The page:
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The skies above Beijing turn a dark yellow as China’s capital city is hit by a third major sandstorm in five weeks.
The skies above Beijing turn a dark yellow as China’s capital city is hit by a third major sandstorm in five weeks.

Welcome to Friday, where a mass shooting in Indianapolis leaves eight dead, Hong Kong media tycoon Jimmy Lai is sentenced and a Danish photographer's image from Brazil wins World Press Photo of the Year. Independent media Kayhan-London also exposes how the suspected sabotage at the Natanz nuclear facility in Iran has done more than physical harm for the regime.

Hong Kong's Jimmy Lai sentenced: Two of Hong Kong's best-known activists were sentenced today for their participation in unauthorized assemblies during the 2019 mass pro-democracy protests. Media tycoon Jimmy Lai was sentenced to 12 months in prison, as democratic activist Martin Lee avoided prison because of his advanced age, and was given a suspended sentence of 11 months.

China's economy grows by a record 18.3%: China's economy grew 18.3% in a post-COVID comeback, setting a record in gross domestic product (GDP) since China started keeping quarterly records in 1992.

Eight shot dead in Indianapolis: At least eight people were killed in a mass shooting at a FedEx facility in Indianapolis Thursday night, with multiple injuries reported, before the gunman killed himself. Last week, six people were killed in another mass shooting, in South Carolina.

Brazil's Supreme Court clears path for Lula to take on Bolsonaro: The Brazilian Supreme Court has confirmed its decision to annul convictions against former President Luiz Inácio Lula da Silva, who was accused of corruption. This sets up a likely head-to-head with conservative President Jair Bolsonaro in the 2022 elections.

Argentina closes schools as COVID-19 surges: Argentina's government has announced new pandemic restrictions to curb the spread of the virus in and around capital city Buenos Aires, including shutting down schools and a night-time curfew.

"Sexual slavery" in Tigray: New revelations of rape and a declaration by a top Ethiopia health official has pointed to widespread sexual abuse in the conflict in the northern region of Tigray. Both sides are said to have committed war crimes, including sexual violence. Hundreds other women have reported rape.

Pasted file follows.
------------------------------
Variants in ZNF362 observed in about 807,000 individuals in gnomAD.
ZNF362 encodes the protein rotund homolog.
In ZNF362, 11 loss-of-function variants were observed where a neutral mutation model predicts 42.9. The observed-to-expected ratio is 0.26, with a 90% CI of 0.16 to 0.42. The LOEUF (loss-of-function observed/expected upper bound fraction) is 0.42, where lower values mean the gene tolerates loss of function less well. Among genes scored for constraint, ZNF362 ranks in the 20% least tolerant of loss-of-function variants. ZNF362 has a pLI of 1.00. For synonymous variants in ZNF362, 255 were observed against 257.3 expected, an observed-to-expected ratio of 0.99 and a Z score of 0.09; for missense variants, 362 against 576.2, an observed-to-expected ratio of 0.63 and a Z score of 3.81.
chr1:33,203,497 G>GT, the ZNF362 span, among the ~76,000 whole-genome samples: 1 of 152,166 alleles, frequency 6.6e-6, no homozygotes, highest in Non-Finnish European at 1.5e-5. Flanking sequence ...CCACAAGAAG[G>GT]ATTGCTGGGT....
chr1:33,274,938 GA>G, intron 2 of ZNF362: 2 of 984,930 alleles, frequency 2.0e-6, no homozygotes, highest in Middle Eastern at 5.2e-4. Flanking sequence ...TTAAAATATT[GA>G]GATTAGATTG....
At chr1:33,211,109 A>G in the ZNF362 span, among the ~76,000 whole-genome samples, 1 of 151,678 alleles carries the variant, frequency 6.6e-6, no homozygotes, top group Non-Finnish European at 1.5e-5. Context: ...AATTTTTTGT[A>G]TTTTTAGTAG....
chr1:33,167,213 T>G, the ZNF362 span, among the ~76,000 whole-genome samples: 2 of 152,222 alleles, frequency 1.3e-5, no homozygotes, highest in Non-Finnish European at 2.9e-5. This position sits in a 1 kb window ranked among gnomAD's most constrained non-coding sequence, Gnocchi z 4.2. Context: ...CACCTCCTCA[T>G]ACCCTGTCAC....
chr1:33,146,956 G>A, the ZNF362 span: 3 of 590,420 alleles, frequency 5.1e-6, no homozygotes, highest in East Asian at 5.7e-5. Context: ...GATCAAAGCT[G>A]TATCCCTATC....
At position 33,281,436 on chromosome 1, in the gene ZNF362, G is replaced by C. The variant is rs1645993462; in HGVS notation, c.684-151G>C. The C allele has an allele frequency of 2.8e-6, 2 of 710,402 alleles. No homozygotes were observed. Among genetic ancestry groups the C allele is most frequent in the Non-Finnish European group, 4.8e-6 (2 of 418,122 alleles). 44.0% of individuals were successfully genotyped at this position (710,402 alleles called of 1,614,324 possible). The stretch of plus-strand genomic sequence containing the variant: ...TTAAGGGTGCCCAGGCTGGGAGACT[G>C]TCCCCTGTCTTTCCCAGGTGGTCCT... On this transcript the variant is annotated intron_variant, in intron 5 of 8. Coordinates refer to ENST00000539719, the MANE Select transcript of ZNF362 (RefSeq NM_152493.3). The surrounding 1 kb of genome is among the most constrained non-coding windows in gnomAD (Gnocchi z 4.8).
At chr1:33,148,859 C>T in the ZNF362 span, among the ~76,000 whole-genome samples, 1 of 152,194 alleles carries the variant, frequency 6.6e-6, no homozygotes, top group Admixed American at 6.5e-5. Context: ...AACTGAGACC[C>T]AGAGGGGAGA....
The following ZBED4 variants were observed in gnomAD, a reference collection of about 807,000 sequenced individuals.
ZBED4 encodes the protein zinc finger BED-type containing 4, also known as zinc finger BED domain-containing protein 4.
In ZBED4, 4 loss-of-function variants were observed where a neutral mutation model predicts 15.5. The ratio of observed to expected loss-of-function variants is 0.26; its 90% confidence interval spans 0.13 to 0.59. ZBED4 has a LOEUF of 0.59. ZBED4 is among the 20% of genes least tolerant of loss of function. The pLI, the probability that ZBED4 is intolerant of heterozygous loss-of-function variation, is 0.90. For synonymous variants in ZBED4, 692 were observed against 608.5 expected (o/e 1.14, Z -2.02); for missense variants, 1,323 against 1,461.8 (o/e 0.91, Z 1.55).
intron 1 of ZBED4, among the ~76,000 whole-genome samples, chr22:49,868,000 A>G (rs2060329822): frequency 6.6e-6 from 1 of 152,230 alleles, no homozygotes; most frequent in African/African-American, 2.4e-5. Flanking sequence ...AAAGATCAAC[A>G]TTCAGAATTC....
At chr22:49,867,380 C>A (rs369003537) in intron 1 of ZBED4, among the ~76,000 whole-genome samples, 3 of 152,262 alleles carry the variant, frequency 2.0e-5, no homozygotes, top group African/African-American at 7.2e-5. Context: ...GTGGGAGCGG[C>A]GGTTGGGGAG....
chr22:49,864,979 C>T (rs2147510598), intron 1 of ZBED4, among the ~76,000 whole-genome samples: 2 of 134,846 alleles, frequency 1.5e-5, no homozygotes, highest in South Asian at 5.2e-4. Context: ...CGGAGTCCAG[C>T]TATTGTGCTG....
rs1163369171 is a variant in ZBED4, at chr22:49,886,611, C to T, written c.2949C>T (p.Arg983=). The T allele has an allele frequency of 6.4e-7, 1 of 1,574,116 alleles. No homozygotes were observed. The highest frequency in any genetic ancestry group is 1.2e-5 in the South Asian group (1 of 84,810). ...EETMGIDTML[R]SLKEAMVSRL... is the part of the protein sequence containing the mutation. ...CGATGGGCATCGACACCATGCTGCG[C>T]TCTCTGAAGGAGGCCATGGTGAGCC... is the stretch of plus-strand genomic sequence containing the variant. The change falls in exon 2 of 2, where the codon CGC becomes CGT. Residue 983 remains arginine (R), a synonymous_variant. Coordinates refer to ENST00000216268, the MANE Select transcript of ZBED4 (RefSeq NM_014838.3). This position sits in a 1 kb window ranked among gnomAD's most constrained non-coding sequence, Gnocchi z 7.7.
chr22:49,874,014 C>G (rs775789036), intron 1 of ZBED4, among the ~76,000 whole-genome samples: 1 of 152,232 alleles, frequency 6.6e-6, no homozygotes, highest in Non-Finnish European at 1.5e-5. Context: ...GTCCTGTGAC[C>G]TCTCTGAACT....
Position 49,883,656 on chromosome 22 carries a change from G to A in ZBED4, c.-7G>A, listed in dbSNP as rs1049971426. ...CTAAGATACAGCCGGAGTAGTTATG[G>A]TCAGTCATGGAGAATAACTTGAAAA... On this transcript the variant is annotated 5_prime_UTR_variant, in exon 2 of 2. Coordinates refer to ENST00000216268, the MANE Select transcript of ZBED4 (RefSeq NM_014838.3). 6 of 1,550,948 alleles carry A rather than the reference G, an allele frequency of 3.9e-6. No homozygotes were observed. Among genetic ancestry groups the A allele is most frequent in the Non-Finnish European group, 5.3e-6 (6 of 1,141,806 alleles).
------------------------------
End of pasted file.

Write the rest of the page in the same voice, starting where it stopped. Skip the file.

Mystery animal turns out to be a croissant: Multiple residents in a neighborhood in Krakow, Poland called animal welfare workers after having spotted an unusual animal sitting in a tree for several days, fearing attack. An investigation revealed that the creature in the tree was actually a croissant.

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Ideas

García Márquez And Truth: How Journalism Fed The Novelist's Fantasy

In his early journalistic writings, the Colombian novelist Gabriel García Márquez showed he had an eye for factual details, in which he found the absurdity and 'magic' that would in time be the stuff and style of his fiction.

Colombian novelist Gabriel Garcia Marquez reads his book

J. D. Torres Duarte

BOGOTÁ — In short stories written in the 1940s and early 50s and later compiled in Eyes of a Blue Dog, the late Gabriel García Márquez, Colombia's Nobel Prize-winning novelist, shows he is as yet a young writer, with a style and subjects that can be atypical.

Stylistically, García Márquez came into his own in the celebrated One Hundred Years of Solitude. Until then both his style and substance took an erratic course: touching the brevity of film scripts in Nobody Writes to the Colonel, technical experimentation in Leaf Storm, the anecdotal short novel in In Evil Hour or exploring politics in Big Mama's Funeral. Throughout, the skills he displayed were rather of a precocious juggler.

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